- Farmer walks or other weighted carries (for example, shoulder carry)
- Crawling (on hands and knees, hands and feet, or army crawling)
If you complete three circuits total, then you could select one variation
of each exercise (for 12 exercises total), which will create a workout that’s well rounded.
3. This workout can be completed once or twice a week. Start
with one session weekly and gradually work your way up to two sessions.
4. Increase the difficulty of the workout in three ways:
- Do more circuits per workout (work up to three circuits total before implementing
the next two ideas)
- Increase the number of reps you perform for each exercise
- Increase the speed of your runs
Regardless of how many circuits you complete, pace yourself to
reach your peak gradually for the final portion of your workout.
Think of your pacing strategy in three distinct phases:
- Phase 1 (the first third of the workout)
Keep your level of effort between easy and moderate.
Focus on technique and save energy for later.
- Phase 2 (the middle third of the workout)
Gradually build the level of intensity during each round.
Settle into a moderate pace (nowhere near your maximum)
- Phase 3 (final third of the workout)
Increase your effort level to 80 to 90 percent of
your maximum, but without compromising your form.
Think of this as a strenuous, but not maximum-level,
5 Tips for Success On Race Day
Race day will be stressful – there’s no way around that. Use these suggestions for the best experience possible:
No doubt you’ll be a little anxious prior to your first obstacle race.
That’s normal. Everyone gets anxious, so just hang out with your friends or some of the other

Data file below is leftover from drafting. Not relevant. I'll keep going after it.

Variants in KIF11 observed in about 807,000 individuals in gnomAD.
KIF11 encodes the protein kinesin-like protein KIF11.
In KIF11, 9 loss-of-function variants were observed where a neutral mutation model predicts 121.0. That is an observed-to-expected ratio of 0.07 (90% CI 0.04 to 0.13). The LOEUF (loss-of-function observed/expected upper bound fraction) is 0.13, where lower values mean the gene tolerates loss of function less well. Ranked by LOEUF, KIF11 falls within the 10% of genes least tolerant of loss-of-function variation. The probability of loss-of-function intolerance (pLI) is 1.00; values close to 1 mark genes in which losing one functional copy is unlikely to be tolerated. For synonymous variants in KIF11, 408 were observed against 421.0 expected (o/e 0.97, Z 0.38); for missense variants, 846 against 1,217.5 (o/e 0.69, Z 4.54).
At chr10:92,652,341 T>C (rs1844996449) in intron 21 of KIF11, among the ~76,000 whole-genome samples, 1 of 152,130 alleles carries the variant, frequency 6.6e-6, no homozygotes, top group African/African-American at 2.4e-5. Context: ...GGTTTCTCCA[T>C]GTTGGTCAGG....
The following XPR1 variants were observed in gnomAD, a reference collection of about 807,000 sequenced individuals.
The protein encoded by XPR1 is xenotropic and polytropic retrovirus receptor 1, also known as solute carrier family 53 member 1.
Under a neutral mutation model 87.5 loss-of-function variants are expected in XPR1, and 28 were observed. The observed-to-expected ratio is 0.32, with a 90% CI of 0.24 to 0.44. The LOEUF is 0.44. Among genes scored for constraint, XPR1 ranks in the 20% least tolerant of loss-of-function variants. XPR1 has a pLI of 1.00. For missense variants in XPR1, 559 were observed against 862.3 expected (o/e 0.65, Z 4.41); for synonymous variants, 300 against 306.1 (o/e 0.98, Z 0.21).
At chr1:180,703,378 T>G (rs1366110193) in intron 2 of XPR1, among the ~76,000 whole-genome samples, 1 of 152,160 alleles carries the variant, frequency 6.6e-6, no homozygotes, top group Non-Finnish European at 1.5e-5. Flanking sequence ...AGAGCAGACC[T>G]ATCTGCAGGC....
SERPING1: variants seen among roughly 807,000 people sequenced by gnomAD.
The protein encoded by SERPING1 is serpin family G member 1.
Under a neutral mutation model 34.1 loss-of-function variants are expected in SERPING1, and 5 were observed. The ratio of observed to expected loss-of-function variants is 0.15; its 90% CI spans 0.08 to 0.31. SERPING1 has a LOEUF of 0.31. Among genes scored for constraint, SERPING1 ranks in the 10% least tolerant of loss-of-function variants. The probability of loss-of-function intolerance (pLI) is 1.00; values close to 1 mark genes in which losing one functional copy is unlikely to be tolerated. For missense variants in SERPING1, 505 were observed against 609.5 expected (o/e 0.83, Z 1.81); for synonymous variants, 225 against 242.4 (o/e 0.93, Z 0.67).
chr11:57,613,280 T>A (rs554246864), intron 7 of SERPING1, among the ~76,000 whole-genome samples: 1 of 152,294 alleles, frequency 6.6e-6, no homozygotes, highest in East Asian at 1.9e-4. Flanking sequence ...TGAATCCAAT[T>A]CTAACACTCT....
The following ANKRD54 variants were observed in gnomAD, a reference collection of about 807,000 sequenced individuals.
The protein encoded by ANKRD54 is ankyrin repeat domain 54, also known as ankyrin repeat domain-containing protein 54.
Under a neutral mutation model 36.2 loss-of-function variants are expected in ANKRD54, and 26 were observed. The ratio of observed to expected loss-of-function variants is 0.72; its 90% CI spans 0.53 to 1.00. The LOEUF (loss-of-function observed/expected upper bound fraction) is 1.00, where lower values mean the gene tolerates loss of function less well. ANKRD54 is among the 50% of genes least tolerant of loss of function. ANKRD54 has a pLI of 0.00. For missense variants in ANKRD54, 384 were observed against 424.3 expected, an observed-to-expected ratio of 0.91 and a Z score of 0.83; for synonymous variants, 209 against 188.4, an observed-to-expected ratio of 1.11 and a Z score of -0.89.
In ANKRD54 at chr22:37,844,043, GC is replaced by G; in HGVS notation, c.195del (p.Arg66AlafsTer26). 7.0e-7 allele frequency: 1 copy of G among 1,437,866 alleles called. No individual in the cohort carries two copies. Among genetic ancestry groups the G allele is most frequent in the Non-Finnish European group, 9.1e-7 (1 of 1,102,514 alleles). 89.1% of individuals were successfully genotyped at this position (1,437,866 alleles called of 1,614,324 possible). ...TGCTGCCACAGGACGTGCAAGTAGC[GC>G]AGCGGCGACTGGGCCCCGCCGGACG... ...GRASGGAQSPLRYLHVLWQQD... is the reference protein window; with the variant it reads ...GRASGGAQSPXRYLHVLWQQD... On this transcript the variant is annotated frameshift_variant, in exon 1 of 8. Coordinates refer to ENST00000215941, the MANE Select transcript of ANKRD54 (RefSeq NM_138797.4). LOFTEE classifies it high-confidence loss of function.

Then focus on your breathing. Take some deep breaths and
remind yourself you can do this because you’re well prepared.
Trust the training you’ve done. Once you get moving, you’ll be fine.
2. Warm up Properly
Warm up just like you would before any other race.
A few moments after the gun sounds, you may be sprinting,
then totally submerged in very cold water, and then have to
climb up a steep hill – all of which will place many different
demands on your body. The last thing you want is a pulled muscle,
a strain, or worse.
If you want to feel and perform at your best, then you’ll want
to be thoroughly warmed up. Do some easy running, a couple stride
repeats, some dynamic stretches, and perhaps a few targeted flexibility
drills based on your needs. Make sure you’re loose, sweating lightly,
and warm when the gun goes off (even if other competitors are just standing around).
3. Be in the Right Place at the Right Time
If you’re planning to compete with the best of them,
then make your way to the front of the pack before the race
starts. When the race starts, try to stay up front during the
initial rush so you don’t have to pass too many people or wait
in line behind an obstacle. On the other hand, if you’re not in
it to win it, then start in the middle or rear of the pack and let
the elite athletes do their thing.
4. Don’t do Anything Unsafe
There are risks involved in every obstacle race.
That’s why they insist on you signing a waiver. If at any
point you’re not sure of yourself, slow down and be careful.
Take a short break if needed, or ask for a hand or leg up. If
an obstacle looks too challenging for you – or if it just doesn’t
feel right – then simply go around it.
5. Have Fun
That’s why you’re doing this after all, right? So, smile!
Laugh! And be sure to make fun of your friends when they get
clumps of mud stuck to their face and can’t see where they’re going.
Go Forth and Dominate
Obstacle racing is a unique and fun way to spend a
weekend morning (and earn some major bragging rights).
With the right planning, preparation, and some realistic
expectations for race day, you’ll set yourself up for a
great first race.
If you’re still hesitant, keep in mind that plenty of
people who complete these races aren’t tough super-athletes.
If you’re reasonably fit and healthy enough to exercise, then
you can probably complete an obstacle race without too much trouble.
Follow the guidelines in this article to prepare and you may just
surprise yourself with your accomplishments on race day. Once you’ve
crossed the finish line, you’ll understand that while it wasn’t easy,
it was absolutely worth it.
Always hope for the best, prepare for the worst, and expect the unexpected.
Now, go forth and dominate your first obstacle race!